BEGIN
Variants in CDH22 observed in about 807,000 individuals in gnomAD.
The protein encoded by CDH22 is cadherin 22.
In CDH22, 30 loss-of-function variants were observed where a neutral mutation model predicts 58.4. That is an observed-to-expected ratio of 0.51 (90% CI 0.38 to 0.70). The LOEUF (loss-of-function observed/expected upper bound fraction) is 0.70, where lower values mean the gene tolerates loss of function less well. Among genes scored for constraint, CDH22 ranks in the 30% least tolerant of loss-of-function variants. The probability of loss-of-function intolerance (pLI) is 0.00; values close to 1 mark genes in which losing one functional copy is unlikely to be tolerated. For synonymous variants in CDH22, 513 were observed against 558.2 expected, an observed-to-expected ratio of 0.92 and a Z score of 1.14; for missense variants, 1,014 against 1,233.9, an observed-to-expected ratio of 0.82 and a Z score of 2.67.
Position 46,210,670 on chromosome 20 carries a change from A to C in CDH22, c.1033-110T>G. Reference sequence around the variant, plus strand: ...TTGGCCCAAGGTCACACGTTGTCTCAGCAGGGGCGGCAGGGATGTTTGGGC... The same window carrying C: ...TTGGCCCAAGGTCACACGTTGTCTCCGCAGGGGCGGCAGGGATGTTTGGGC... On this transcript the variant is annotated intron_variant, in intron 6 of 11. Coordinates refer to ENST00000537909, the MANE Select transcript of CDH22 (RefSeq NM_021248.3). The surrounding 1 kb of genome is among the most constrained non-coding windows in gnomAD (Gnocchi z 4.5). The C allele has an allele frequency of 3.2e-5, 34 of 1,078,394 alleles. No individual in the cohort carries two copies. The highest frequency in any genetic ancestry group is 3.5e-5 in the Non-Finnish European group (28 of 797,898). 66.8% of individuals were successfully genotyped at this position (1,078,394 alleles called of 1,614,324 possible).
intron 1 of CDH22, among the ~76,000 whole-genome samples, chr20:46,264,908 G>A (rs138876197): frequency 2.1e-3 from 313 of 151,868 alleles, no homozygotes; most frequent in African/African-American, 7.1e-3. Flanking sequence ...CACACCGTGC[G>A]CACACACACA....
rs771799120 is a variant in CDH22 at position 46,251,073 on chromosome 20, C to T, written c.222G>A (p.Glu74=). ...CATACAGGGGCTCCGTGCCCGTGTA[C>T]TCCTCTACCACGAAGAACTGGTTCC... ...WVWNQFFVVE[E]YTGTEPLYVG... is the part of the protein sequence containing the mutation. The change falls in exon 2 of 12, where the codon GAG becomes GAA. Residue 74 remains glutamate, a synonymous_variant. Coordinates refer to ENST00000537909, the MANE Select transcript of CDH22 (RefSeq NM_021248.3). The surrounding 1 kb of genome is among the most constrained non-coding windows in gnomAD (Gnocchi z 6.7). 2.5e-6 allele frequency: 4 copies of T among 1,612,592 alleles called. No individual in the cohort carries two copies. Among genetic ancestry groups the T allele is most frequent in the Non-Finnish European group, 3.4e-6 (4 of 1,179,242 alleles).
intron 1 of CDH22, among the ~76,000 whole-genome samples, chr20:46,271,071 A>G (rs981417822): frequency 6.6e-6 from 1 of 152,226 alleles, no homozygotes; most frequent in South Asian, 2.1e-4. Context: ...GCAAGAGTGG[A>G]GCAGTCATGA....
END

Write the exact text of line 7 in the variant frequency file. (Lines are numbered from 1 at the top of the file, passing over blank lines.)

intron 1 of CDH22, among the ~76,000 whole-genome samples, chr20:46,271,071 A>G (rs981417822): frequency 6.6e-6 from 1 of 152,226 alleles, no homozygotes; most frequent in South Asian, 2.1e-4. Context: ...GCAAGAGTGG[A>G]GCAGTCATGA....